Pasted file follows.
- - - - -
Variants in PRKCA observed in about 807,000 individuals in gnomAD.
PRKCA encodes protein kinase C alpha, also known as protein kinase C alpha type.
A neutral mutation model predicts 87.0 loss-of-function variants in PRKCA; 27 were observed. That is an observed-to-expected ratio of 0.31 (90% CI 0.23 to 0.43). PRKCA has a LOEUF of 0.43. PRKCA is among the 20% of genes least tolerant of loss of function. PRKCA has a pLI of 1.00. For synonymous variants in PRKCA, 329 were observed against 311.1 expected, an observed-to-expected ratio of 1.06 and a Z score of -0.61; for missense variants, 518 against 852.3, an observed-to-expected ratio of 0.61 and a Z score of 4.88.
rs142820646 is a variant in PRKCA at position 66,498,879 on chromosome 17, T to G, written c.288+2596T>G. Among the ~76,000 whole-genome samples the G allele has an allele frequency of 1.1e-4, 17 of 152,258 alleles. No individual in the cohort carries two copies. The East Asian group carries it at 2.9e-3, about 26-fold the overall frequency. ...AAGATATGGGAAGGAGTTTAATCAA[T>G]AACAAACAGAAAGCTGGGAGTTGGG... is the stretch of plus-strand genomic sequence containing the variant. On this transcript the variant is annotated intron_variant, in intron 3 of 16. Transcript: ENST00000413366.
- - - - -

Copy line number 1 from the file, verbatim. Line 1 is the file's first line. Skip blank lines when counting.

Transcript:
Variants in PRKCA observed in about 807,000 individuals in gnomAD.